Once you have your landing page and start driving traffic to it through Instagram or Facebook, you need to have a basic product ready for them to download.
Your product must be something of value for them to be enticed, and it’s best if that downloadable thing is free. Yes, free. You might be thinking, “If I give away information for free, why would anybody ever pay for it?” I get this question a lot.
When a potential customer can download that first basic product, they start to trust you. They see you’re trying to help them and realize you’re not just in this for money.
You’ll find that later you can charge for an entire course on the same subject. Even if you have given parts of the course away for free before, you’d be surprised how many people are still willing to pay for the whole thing because it’s curated and perfect.
Compare that with others online who say they will give you something, but then demand payment first. If this is your first time “meeting” that person you might be taken aback. Why should you trust them if they’re demanding money up front?
You’ve probably tried something for free and thinking, “Wow, that was awesome. I want more, and I will pay for it.” That’s what you want to do here for others.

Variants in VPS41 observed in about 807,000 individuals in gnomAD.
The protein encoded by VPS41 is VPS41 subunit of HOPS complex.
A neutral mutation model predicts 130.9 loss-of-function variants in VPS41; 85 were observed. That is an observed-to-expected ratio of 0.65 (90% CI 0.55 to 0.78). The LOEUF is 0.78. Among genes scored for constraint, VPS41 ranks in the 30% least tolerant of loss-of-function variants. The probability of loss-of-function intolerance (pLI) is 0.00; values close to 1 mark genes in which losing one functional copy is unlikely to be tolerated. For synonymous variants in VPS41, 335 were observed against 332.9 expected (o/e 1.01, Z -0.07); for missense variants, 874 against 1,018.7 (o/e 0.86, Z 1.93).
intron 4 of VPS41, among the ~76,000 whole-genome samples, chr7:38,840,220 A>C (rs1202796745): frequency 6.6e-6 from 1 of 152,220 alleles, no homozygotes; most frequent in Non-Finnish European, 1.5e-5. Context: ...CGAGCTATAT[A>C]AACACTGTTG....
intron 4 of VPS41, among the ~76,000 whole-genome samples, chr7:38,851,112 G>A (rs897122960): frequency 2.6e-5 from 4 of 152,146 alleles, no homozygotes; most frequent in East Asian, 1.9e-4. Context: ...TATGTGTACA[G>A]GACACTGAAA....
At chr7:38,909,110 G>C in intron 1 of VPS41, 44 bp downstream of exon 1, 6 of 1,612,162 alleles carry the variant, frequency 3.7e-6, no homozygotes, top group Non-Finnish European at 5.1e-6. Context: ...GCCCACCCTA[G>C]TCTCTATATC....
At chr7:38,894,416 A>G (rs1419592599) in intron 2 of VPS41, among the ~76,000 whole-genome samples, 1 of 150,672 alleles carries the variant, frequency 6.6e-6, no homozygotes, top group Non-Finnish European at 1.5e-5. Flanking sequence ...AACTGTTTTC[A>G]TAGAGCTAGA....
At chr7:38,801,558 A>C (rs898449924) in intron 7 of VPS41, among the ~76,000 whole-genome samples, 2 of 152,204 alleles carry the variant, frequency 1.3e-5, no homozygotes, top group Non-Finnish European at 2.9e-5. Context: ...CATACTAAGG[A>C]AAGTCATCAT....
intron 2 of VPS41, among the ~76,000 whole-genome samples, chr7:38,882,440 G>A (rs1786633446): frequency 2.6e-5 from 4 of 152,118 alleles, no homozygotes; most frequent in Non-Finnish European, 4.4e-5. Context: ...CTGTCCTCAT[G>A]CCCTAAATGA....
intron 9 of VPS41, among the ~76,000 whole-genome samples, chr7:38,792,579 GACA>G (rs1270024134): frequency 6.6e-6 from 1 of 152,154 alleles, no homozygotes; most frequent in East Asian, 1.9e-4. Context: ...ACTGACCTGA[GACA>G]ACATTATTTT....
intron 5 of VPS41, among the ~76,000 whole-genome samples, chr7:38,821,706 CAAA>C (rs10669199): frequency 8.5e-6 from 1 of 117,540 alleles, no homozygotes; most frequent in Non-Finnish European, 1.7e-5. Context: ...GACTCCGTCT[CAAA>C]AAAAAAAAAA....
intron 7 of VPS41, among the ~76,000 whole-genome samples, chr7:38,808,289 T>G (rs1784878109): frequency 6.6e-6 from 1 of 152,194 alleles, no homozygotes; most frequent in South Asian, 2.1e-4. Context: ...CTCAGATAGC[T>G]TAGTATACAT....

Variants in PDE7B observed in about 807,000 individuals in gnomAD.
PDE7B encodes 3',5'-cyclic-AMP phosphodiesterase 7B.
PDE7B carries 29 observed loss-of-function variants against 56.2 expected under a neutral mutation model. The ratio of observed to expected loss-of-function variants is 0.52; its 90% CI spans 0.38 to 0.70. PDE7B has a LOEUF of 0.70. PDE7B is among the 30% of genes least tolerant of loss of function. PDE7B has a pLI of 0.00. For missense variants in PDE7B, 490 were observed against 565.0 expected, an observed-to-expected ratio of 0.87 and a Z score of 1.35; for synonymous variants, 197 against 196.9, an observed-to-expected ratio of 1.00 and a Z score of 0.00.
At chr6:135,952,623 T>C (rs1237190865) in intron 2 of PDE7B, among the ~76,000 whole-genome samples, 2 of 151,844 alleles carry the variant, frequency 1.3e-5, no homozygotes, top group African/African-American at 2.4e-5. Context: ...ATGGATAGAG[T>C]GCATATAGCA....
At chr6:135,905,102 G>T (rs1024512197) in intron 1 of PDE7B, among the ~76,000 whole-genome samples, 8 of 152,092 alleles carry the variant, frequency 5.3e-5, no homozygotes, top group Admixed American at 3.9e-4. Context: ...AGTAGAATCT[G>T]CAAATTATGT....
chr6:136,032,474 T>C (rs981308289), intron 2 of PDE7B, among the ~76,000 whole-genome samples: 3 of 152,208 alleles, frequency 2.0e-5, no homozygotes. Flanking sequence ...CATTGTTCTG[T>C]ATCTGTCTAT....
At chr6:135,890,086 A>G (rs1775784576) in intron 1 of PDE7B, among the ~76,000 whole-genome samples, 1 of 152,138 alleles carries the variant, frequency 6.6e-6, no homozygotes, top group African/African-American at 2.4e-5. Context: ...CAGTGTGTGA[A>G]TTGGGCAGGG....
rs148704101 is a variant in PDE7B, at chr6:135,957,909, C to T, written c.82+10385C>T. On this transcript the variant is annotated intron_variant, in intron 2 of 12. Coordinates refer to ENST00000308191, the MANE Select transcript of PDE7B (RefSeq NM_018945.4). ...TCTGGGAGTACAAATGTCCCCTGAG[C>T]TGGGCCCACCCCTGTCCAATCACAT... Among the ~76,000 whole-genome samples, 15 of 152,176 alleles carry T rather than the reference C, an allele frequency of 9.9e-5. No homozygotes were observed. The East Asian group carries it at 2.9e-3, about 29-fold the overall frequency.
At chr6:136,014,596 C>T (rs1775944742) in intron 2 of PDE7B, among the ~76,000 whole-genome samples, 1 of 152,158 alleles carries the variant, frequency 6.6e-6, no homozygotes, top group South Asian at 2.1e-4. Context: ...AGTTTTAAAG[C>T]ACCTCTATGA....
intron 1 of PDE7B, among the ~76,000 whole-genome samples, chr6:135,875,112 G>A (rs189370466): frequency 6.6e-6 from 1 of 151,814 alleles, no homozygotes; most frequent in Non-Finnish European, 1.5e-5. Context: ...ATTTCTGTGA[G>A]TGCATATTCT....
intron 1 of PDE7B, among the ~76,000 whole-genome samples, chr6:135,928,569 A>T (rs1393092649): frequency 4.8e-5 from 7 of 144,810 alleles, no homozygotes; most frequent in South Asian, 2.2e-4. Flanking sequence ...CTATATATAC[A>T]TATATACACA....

Think of the yogurt shop. You look at all the flavors and can’t make up your mind which flavor to get. Then they hand you a small cup with a free sample, and then you say, “Okay, I’m totally getting that.” You are doing the same thing here.
Give your visitors the best stuff up front. Don’t hold back. The yogurt shop doesn’t say, “Well, I will give you a sample, but it’s missing the sugar or the toppings.”
That is how you leverage reciprocity. When you give to people, people will give back to you. It’s the law of giving, and it works every time.
You give out something for free, and in return, you’re collecting email addresses. This allows you to start building your email list and interacting with potential customers.
This is a great example of the old business versus new business difference. In an old business, you would hand out a business card or brochure or send newsletters, hoping that someone stumbles across your ad and follows up.
In the new business, your product is immediately available and benefits the customer. You give them something of value, and they can learn something right away.
In the new business, people are expecting to receive the benefits immediately, rather than just hear about them. Deliver on that expectation and your business will begin to grow as customers trust you – and eventually – pay for what you’re offering.
For more advice on starting a knowledge business, you can find You, Inc. on Amazon.
Travis Rosser is an entrepreneur, speaker, and the author of You, Inc: The Step by Step Guide for Finding A Business Within You. After a decade in the software industry he cofounded Kajabi, a knowledge capital platform that has helped customers redefine themselves as experts, free themselves from the traditional notions of a job, and live more fulfilled lives. Since 2010, Kajabi has helped more than ten thousand people launch their own small businesses, and to this day these knowledge entrepreneurs have generated more than $600 million in sales.